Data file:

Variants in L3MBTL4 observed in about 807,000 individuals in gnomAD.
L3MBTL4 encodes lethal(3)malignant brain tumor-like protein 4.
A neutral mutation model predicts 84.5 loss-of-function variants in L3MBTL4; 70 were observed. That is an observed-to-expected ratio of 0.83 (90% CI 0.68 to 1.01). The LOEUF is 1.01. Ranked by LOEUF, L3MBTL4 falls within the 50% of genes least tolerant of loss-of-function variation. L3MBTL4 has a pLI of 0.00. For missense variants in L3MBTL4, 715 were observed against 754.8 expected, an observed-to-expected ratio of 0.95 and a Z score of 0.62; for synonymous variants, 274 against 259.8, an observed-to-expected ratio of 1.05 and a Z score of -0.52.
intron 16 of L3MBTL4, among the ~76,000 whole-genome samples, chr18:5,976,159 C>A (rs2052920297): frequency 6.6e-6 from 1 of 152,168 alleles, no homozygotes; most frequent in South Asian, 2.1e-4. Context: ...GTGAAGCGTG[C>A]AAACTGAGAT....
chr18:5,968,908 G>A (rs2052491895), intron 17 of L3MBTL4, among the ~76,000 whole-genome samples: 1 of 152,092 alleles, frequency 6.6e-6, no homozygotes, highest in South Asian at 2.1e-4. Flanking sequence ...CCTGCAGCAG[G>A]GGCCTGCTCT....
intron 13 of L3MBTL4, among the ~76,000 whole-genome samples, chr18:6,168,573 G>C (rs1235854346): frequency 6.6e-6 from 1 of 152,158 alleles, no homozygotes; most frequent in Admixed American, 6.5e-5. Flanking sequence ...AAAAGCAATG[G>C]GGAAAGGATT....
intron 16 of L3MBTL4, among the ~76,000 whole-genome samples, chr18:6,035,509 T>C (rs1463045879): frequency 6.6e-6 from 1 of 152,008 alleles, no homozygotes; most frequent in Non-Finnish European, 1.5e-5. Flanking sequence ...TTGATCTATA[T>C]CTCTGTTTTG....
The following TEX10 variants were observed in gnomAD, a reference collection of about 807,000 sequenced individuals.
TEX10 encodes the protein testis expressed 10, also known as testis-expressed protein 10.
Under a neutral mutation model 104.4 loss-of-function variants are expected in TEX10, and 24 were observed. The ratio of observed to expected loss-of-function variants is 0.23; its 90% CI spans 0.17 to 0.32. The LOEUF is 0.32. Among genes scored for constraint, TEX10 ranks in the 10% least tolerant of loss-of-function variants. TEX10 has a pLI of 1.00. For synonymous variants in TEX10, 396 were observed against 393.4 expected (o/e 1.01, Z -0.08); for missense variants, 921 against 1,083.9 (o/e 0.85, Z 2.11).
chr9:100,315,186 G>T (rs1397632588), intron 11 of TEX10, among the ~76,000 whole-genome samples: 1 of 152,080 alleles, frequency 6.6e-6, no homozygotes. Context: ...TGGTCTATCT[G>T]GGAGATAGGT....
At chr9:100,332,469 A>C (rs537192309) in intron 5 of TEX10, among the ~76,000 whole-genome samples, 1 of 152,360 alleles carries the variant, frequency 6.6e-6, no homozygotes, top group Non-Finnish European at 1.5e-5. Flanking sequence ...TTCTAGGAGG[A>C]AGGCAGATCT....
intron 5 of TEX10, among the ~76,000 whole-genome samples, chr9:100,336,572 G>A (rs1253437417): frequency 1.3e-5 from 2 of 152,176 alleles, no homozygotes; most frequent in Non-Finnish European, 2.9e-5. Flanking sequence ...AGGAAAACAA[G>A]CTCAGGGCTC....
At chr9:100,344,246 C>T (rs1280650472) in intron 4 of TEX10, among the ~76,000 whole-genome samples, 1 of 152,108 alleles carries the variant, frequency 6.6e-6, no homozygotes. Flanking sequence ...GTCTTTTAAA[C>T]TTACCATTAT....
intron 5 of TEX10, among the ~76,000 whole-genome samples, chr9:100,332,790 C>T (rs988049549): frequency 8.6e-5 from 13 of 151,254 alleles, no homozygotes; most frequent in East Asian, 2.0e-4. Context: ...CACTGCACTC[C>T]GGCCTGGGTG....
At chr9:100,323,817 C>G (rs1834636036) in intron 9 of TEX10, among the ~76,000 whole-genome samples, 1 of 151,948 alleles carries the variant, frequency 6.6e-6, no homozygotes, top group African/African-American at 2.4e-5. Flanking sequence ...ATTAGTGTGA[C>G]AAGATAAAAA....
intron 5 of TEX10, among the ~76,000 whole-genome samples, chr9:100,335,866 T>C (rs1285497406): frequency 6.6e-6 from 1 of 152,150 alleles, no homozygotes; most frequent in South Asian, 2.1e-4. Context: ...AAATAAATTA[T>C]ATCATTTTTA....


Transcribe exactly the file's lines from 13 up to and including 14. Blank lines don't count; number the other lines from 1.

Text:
intron 5 of TEX10, among the ~76,000 whole-genome samples, chr9:100,336,572 G>A (rs1253437417): frequency 1.3e-5 from 2 of 152,176 alleles, no homozygotes; most frequent in Non-Finnish European, 2.9e-5. Flanking sequence ...AGGAAAACAA[G>A]CTCAGGGCTC....
At chr9:100,344,246 C>T (rs1280650472) in intron 4 of TEX10, among the ~76,000 whole-genome samples, 1 of 152,108 alleles carries the variant, frequency 6.6e-6, no homozygotes. Flanking sequence ...GTCTTTTAAA[C>T]TTACCATTAT....